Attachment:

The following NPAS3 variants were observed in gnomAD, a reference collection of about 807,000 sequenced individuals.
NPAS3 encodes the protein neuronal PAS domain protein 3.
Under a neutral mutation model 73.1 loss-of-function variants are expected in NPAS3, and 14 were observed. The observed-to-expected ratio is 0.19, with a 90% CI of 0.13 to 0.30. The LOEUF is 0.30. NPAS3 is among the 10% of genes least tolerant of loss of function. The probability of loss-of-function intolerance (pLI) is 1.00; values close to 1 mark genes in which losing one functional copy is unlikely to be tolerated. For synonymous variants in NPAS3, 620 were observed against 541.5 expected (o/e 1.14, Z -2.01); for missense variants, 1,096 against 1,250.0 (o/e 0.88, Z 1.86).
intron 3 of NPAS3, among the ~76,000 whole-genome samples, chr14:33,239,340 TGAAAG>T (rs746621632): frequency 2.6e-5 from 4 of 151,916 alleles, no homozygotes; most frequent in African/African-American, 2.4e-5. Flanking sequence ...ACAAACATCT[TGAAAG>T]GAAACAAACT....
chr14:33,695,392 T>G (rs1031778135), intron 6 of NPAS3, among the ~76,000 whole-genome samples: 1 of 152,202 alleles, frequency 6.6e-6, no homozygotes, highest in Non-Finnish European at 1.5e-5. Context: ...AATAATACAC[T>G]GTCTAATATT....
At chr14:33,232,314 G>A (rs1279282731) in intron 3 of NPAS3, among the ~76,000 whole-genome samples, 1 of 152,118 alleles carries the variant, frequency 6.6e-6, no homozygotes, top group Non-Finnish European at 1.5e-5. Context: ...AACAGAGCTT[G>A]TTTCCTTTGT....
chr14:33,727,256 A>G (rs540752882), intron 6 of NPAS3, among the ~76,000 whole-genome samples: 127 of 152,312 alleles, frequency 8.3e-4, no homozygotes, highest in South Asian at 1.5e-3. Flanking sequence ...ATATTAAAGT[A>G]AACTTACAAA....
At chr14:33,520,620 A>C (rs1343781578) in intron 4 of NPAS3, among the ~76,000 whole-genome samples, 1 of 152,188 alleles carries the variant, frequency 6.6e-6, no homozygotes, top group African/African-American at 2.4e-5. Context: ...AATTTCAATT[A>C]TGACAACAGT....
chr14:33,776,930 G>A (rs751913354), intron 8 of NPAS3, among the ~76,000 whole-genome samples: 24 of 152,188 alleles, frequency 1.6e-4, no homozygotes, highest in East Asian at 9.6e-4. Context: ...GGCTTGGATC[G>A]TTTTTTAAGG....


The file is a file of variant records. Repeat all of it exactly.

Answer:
The following NPAS3 variants were observed in gnomAD, a reference collection of about 807,000 sequenced individuals.
NPAS3 encodes the protein neuronal PAS domain protein 3.
Under a neutral mutation model 73.1 loss-of-function variants are expected in NPAS3, and 14 were observed. The observed-to-expected ratio is 0.19, with a 90% CI of 0.13 to 0.30. The LOEUF is 0.30. NPAS3 is among the 10% of genes least tolerant of loss of function. The probability of loss-of-function intolerance (pLI) is 1.00; values close to 1 mark genes in which losing one functional copy is unlikely to be tolerated. For synonymous variants in NPAS3, 620 were observed against 541.5 expected (o/e 1.14, Z -2.01); for missense variants, 1,096 against 1,250.0 (o/e 0.88, Z 1.86).
intron 3 of NPAS3, among the ~76,000 whole-genome samples, chr14:33,239,340 TGAAAG>T (rs746621632): frequency 2.6e-5 from 4 of 151,916 alleles, no homozygotes; most frequent in African/African-American, 2.4e-5. Flanking sequence ...ACAAACATCT[TGAAAG>T]GAAACAAACT....
chr14:33,695,392 T>G (rs1031778135), intron 6 of NPAS3, among the ~76,000 whole-genome samples: 1 of 152,202 alleles, frequency 6.6e-6, no homozygotes, highest in Non-Finnish European at 1.5e-5. Context: ...AATAATACAC[T>G]GTCTAATATT....
At chr14:33,232,314 G>A (rs1279282731) in intron 3 of NPAS3, among the ~76,000 whole-genome samples, 1 of 152,118 alleles carries the variant, frequency 6.6e-6, no homozygotes, top group Non-Finnish European at 1.5e-5. Context: ...AACAGAGCTT[G>A]TTTCCTTTGT....
chr14:33,727,256 A>G (rs540752882), intron 6 of NPAS3, among the ~76,000 whole-genome samples: 127 of 152,312 alleles, frequency 8.3e-4, no homozygotes, highest in South Asian at 1.5e-3. Flanking sequence ...ATATTAAAGT[A>G]AACTTACAAA....
At chr14:33,520,620 A>C (rs1343781578) in intron 4 of NPAS3, among the ~76,000 whole-genome samples, 1 of 152,188 alleles carries the variant, frequency 6.6e-6, no homozygotes, top group African/African-American at 2.4e-5. Context: ...AATTTCAATT[A>C]TGACAACAGT....
chr14:33,776,930 G>A (rs751913354), intron 8 of NPAS3, among the ~76,000 whole-genome samples: 24 of 152,188 alleles, frequency 1.6e-4, no homozygotes, highest in East Asian at 9.6e-4. Context: ...GGCTTGGATC[G>A]TTTTTTAAGG....